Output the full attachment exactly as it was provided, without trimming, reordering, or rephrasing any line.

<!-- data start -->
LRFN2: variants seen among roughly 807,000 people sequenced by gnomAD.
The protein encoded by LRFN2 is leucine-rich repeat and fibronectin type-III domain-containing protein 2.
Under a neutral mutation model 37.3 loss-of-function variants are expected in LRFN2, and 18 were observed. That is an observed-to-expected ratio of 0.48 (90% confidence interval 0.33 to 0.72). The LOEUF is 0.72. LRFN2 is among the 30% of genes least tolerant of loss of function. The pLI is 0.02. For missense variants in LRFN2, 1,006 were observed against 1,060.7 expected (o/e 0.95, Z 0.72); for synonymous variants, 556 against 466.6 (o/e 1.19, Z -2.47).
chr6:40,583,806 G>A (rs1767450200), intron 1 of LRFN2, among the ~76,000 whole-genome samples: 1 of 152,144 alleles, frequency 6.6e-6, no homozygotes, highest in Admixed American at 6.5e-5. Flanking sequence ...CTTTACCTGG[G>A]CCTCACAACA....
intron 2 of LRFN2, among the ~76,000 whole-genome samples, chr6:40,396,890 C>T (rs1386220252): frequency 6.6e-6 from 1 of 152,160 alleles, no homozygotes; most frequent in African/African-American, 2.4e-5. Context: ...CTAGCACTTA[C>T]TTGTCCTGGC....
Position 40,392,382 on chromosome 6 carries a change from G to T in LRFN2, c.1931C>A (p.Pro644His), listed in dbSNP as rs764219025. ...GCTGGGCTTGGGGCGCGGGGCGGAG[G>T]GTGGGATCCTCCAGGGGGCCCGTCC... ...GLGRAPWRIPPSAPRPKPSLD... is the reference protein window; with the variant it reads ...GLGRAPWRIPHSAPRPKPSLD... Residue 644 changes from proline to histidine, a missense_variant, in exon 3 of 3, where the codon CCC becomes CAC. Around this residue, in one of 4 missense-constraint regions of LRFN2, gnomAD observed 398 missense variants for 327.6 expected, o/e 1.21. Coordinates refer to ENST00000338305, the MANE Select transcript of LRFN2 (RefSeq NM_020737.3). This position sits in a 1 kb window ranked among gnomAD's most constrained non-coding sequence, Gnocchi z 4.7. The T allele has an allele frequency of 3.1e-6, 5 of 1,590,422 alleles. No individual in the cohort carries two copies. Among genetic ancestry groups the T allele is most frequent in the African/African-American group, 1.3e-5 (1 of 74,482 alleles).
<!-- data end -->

LRFN2: variants seen among roughly 807,000 people sequenced by gnomAD.
The protein encoded by LRFN2 is leucine-rich repeat and fibronectin type-III domain-containing protein 2.
Under a neutral mutation model 37.3 loss-of-function variants are expected in LRFN2, and 18 were observed. That is an observed-to-expected ratio of 0.48 (90% confidence interval 0.33 to 0.72). The LOEUF is 0.72. LRFN2 is among the 30% of genes least tolerant of loss of function. The pLI is 0.02. For missense variants in LRFN2, 1,006 were observed against 1,060.7 expected (o/e 0.95, Z 0.72); for synonymous variants, 556 against 466.6 (o/e 1.19, Z -2.47).
chr6:40,583,806 G>A (rs1767450200), intron 1 of LRFN2, among the ~76,000 whole-genome samples: 1 of 152,144 alleles, frequency 6.6e-6, no homozygotes, highest in Admixed American at 6.5e-5. Flanking sequence ...CTTTACCTGG[G>A]CCTCACAACA....
intron 2 of LRFN2, among the ~76,000 whole-genome samples, chr6:40,396,890 C>T (rs1386220252): frequency 6.6e-6 from 1 of 152,160 alleles, no homozygotes; most frequent in African/African-American, 2.4e-5. Context: ...CTAGCACTTA[C>T]TTGTCCTGGC....
Position 40,392,382 on chromosome 6 carries a change from G to T in LRFN2, c.1931C>A (p.Pro644His), listed in dbSNP as rs764219025. ...GCTGGGCTTGGGGCGCGGGGCGGAG[G>T]GTGGGATCCTCCAGGGGGCCCGTCC... ...GLGRAPWRIPPSAPRPKPSLD... is the reference protein window; with the variant it reads ...GLGRAPWRIPHSAPRPKPSLD... Residue 644 changes from proline to histidine, a missense_variant, in exon 3 of 3, where the codon CCC becomes CAC. Around this residue, in one of 4 missense-constraint regions of LRFN2, gnomAD observed 398 missense variants for 327.6 expected, o/e 1.21. Coordinates refer to ENST00000338305, the MANE Select transcript of LRFN2 (RefSeq NM_020737.3). This position sits in a 1 kb window ranked among gnomAD's most constrained non-coding sequence, Gnocchi z 4.7. The T allele has an allele frequency of 3.1e-6, 5 of 1,590,422 alleles. No individual in the cohort carries two copies. Among genetic ancestry groups the T allele is most frequent in the African/African-American group, 1.3e-5 (1 of 74,482 alleles).